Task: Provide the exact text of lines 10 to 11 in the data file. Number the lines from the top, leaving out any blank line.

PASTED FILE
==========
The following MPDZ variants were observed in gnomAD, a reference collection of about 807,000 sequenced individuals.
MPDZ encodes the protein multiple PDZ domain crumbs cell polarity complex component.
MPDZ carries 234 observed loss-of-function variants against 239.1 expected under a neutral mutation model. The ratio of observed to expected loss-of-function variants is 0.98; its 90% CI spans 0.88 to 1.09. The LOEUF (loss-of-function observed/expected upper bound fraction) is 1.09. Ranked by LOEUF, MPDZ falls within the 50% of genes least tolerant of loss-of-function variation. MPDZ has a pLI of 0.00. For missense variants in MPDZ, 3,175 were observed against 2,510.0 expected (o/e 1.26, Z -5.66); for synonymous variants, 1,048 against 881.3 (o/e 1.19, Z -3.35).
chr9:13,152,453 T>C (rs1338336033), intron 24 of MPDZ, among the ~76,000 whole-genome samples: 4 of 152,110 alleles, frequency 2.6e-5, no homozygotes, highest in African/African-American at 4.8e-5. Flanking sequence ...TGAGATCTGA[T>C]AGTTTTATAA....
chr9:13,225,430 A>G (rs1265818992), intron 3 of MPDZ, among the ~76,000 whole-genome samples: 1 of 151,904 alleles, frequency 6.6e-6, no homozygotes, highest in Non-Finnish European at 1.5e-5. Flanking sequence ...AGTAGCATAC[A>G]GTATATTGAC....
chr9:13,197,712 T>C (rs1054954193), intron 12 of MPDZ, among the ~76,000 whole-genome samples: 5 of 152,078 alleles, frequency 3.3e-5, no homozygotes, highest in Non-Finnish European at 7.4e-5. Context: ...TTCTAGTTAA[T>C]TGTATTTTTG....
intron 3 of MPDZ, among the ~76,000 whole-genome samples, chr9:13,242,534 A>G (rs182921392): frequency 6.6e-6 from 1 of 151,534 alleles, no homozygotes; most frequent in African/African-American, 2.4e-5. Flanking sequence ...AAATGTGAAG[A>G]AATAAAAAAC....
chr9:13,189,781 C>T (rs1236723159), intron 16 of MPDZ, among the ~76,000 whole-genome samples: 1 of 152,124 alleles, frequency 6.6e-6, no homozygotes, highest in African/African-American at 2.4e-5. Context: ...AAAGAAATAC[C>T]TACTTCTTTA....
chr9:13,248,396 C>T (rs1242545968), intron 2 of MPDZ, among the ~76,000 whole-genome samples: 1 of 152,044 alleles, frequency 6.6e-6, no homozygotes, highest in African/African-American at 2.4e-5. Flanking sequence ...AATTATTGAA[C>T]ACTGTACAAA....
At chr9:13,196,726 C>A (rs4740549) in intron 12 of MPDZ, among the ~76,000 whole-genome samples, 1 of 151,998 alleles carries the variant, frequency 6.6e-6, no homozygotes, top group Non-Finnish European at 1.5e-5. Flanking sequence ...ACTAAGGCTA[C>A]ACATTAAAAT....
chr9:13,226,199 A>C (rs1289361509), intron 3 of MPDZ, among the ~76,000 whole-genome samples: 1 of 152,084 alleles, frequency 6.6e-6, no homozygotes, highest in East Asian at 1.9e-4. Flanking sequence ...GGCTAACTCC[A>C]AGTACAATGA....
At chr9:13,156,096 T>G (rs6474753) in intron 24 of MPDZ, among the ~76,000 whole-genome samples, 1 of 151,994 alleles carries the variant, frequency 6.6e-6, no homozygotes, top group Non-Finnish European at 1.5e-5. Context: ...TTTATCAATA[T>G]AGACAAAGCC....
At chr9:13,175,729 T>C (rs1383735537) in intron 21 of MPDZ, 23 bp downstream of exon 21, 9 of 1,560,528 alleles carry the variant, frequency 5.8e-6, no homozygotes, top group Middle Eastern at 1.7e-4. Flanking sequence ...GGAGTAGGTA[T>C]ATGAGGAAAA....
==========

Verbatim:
At chr9:13,196,726 C>A (rs4740549) in intron 12 of MPDZ, among the ~76,000 whole-genome samples, 1 of 151,998 alleles carries the variant, frequency 6.6e-6, no homozygotes, top group Non-Finnish European at 1.5e-5. Flanking sequence ...ACTAAGGCTA[C>A]ACATTAAAAT....
chr9:13,226,199 A>C (rs1289361509), intron 3 of MPDZ, among the ~76,000 whole-genome samples: 1 of 152,084 alleles, frequency 6.6e-6, no homozygotes, highest in East Asian at 1.9e-4. Flanking sequence ...GGCTAACTCC[A>C]AGTACAATGA....